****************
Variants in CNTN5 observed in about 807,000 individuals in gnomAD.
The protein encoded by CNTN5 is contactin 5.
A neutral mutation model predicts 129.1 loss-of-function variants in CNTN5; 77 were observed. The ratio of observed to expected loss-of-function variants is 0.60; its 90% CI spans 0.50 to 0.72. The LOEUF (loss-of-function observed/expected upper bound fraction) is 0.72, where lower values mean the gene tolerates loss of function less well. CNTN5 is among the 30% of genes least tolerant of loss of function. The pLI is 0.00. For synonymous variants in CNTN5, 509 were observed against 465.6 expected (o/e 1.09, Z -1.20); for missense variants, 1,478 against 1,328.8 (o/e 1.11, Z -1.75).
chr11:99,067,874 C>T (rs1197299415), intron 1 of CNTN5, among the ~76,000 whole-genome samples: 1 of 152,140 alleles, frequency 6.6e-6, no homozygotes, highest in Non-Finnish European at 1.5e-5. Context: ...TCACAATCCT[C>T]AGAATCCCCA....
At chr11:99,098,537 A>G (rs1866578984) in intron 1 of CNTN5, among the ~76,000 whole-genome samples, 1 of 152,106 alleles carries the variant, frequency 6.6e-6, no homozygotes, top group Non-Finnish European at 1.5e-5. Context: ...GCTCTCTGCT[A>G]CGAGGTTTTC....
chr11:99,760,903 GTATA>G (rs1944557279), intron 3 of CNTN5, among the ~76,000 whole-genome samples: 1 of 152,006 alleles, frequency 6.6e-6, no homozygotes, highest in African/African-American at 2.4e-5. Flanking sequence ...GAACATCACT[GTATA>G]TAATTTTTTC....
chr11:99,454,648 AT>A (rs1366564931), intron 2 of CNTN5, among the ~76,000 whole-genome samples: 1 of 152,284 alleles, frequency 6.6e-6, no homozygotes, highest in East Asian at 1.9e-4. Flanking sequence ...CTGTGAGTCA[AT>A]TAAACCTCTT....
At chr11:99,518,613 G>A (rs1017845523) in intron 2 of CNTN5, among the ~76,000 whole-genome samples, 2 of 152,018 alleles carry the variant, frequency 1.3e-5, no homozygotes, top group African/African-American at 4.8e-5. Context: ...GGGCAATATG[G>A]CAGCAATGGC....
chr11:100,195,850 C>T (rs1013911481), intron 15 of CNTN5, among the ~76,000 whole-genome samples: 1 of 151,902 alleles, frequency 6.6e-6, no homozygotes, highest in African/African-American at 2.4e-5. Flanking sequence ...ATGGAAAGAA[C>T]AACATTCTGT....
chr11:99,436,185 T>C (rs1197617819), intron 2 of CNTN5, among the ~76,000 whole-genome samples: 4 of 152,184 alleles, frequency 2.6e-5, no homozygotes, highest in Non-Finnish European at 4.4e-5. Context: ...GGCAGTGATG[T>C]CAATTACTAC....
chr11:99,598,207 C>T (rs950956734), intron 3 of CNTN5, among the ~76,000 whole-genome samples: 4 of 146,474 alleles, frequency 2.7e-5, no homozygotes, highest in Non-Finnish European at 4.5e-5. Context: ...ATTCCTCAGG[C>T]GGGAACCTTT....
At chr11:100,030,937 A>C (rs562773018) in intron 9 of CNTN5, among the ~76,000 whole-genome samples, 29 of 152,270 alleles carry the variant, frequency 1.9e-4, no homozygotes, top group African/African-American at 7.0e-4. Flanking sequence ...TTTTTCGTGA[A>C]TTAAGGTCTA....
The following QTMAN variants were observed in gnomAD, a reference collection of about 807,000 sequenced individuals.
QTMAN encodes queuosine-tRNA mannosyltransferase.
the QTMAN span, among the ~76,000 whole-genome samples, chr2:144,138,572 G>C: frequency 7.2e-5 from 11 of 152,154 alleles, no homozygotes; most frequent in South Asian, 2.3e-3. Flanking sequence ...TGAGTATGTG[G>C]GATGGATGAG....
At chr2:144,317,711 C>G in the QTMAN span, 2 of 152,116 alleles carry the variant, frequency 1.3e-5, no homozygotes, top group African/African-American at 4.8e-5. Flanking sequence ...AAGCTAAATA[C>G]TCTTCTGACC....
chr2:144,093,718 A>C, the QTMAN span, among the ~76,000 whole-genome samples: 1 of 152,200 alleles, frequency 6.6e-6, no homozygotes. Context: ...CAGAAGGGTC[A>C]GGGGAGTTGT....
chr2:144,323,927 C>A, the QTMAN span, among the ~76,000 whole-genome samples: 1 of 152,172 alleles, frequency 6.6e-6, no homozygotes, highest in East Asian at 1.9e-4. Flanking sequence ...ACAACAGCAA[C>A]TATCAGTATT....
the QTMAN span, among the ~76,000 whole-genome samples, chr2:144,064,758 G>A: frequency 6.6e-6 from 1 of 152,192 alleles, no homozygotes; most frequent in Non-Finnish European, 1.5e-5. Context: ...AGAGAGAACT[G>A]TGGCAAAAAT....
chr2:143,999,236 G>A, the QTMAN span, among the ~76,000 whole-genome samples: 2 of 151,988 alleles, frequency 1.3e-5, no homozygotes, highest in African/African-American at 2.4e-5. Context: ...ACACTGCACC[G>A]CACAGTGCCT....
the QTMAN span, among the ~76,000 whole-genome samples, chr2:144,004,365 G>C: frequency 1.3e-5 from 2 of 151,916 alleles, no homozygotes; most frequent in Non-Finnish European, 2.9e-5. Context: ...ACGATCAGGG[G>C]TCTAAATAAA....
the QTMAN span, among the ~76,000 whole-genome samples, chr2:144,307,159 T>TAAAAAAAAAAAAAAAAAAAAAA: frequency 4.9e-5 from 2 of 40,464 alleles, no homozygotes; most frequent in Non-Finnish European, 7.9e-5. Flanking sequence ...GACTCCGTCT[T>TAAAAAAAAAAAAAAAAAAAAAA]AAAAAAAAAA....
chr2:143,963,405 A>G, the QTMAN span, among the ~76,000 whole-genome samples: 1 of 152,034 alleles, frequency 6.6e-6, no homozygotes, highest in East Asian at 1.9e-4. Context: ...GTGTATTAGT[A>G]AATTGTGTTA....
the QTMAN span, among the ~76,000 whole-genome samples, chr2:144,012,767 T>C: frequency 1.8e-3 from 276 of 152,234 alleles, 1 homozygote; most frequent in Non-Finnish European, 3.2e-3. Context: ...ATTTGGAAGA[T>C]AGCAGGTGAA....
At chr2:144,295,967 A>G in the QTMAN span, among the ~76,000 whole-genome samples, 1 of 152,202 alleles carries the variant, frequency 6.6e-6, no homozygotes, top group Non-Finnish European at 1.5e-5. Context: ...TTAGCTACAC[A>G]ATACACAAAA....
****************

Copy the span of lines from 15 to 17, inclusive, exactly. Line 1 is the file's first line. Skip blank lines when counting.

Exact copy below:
the QTMAN span, among the ~76,000 whole-genome samples, chr2:144,138,572 G>C: frequency 7.2e-5 from 11 of 152,154 alleles, no homozygotes; most frequent in South Asian, 2.3e-3. Flanking sequence ...TGAGTATGTG[G>C]GATGGATGAG....
At chr2:144,317,711 C>G in the QTMAN span, 2 of 152,116 alleles carry the variant, frequency 1.3e-5, no homozygotes, top group African/African-American at 4.8e-5. Flanking sequence ...AAGCTAAATA[C>G]TCTTCTGACC....
chr2:144,093,718 A>C, the QTMAN span, among the ~76,000 whole-genome samples: 1 of 152,200 alleles, frequency 6.6e-6, no homozygotes. Context: ...CAGAAGGGTC[A>C]GGGGAGTTGT....